Our weekly roundup of tax-related investment strategies and news your clients may be thinking about.
Investors can reduce their tax liability substantially by doing tax-loss harvesting any time of the year, according to Fox Business. The process involves selling losing securities and using the loss the offset the gains from the sale of winning investments. Such a strategy makes a lot of financial sense, especially to those who hold large taxable investments in their portfolio. -- Fox Business
Clients who want to save on taxes in next year's tax season are advised to adjust their withholding if they receive a hefty refund every year, according to Kiplinger. They also need to review the amount of contributions to their 401(k) plans and flexible spending/reimbursement plans, as well as the taxable portion of their investment portfolio. Taxpayers who are turning 70 1/2 this year need to start taking RMDs from their IRAs and other retirement plans to avoid tax penalties, while those who want to save more on taxes may consider using home equity to pay off credit card debt and assessing their tax circumstances to see if they qualify for tax breaks. -- Kiplinger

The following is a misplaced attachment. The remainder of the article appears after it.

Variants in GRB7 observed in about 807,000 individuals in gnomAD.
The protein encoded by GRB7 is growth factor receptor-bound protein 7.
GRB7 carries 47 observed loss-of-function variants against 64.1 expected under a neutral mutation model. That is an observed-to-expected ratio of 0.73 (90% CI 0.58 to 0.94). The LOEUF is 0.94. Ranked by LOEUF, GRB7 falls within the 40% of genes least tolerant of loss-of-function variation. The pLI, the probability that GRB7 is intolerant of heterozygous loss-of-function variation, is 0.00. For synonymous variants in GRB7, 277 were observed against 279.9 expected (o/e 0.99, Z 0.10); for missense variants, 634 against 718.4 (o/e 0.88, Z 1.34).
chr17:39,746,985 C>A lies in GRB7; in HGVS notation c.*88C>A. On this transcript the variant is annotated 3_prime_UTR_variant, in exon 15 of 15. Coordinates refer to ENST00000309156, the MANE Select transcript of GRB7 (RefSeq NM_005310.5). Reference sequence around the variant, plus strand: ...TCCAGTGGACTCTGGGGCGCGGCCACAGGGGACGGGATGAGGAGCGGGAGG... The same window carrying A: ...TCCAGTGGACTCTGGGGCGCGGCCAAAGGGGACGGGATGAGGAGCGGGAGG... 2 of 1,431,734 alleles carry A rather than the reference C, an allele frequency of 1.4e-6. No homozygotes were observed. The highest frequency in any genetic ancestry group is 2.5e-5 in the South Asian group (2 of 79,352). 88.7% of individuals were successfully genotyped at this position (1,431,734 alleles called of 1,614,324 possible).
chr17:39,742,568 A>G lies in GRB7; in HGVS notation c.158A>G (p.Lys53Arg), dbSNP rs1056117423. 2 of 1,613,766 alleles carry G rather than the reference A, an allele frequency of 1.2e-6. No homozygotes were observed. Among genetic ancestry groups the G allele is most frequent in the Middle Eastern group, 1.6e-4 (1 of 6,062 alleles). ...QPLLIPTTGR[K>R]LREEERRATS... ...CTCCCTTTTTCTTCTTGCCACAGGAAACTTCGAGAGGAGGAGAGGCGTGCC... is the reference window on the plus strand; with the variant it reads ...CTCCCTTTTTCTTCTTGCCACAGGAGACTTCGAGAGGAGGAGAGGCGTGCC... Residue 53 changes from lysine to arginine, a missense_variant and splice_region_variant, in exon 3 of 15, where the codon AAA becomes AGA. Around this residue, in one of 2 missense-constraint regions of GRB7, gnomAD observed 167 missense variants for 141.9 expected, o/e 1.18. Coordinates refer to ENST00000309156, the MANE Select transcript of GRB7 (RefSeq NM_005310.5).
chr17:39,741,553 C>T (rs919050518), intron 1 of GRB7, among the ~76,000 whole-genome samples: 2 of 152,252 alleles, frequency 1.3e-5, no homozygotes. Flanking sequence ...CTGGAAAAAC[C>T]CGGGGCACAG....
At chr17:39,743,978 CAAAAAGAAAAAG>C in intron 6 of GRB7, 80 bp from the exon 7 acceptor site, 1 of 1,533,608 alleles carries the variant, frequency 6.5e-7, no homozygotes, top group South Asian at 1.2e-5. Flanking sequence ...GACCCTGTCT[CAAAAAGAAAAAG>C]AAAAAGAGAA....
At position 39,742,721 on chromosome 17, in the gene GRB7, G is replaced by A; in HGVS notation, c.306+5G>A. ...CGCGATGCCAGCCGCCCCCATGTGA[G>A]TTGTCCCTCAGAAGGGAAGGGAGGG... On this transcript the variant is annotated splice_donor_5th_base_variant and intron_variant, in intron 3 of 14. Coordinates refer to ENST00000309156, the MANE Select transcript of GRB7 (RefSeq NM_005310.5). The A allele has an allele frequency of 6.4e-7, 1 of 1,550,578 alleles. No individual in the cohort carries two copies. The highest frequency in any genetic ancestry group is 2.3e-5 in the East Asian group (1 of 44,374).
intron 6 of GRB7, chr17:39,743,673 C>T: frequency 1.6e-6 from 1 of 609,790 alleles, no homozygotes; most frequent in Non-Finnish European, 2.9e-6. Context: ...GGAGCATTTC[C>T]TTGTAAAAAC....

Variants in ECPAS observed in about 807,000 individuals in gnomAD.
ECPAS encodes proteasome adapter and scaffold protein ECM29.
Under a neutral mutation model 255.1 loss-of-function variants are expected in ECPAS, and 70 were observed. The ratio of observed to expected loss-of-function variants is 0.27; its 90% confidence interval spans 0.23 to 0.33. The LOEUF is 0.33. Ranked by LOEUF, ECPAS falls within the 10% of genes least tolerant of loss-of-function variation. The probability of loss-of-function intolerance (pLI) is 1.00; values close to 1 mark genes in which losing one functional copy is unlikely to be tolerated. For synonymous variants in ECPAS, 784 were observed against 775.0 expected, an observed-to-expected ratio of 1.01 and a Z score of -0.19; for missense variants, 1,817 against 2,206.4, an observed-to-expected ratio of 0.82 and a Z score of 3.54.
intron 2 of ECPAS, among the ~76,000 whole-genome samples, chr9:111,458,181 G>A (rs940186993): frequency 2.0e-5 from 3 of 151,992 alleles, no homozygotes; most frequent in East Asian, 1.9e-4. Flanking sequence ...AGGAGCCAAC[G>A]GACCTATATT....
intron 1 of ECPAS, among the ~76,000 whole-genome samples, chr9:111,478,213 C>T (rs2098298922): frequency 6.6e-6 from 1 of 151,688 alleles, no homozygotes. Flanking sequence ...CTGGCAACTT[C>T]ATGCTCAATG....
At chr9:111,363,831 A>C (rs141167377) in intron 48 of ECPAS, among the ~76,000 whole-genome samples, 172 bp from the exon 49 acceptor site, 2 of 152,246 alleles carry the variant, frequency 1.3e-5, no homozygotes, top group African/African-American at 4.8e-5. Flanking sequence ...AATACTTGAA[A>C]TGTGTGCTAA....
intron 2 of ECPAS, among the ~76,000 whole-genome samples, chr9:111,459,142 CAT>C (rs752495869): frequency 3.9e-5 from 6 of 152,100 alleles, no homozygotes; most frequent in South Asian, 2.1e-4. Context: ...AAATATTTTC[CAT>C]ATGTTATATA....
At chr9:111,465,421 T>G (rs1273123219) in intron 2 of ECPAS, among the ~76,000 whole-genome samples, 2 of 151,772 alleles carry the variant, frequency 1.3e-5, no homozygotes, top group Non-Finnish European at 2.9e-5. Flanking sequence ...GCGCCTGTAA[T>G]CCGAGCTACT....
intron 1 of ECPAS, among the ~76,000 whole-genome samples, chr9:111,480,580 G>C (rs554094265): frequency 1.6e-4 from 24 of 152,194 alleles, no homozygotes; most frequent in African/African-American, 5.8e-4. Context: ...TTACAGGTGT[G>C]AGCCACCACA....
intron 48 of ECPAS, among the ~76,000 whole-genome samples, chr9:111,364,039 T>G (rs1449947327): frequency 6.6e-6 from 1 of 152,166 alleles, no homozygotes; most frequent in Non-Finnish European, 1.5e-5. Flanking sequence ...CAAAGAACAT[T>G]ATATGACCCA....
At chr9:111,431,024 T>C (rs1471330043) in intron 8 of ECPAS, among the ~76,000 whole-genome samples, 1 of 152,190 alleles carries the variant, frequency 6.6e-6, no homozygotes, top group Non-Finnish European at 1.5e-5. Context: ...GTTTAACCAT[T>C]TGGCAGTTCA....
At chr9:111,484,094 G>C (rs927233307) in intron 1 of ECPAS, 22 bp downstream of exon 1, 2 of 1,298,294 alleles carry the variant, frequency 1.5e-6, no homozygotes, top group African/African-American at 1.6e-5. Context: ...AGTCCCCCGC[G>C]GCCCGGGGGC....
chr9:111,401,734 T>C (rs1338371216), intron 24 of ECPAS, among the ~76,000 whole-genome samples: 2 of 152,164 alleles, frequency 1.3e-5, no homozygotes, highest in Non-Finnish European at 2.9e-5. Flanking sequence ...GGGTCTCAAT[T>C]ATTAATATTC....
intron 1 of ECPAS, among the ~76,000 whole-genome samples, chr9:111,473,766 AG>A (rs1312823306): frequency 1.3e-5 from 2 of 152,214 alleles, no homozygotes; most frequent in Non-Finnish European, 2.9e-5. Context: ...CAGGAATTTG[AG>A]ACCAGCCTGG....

As a "tradable" financial instrument used to lower risk with hedging strategies, taxation could be complicated here, especially if it involves complex trades with offsetting positions, according to Forbes. While the tax treatment for outright option trades can be straightforward, taxation for complex trades triggers a bunch of Internal Revenue Services rules aimed at stopping taxpayers from avoiding tax payments. Since options are derivatives of equities, ETFs and other underlying financial instruments, one way to determine the applicable tax treatment for an option is to identify the tax treatment for its underlying financial instrument. -- Forbes
Clients are advised to start planning for their tax obligations as early as they can to save money and spare themselves of the hassles during the tax-filing season, according to Time Money. Effective tax-planning strategies include tax-loss harvesting, larger charitable donations and increased contributions to retirement plans. They may also consider a Roth IRA conversion and take full advantage of company stock options in retirement plans. -- Time Money
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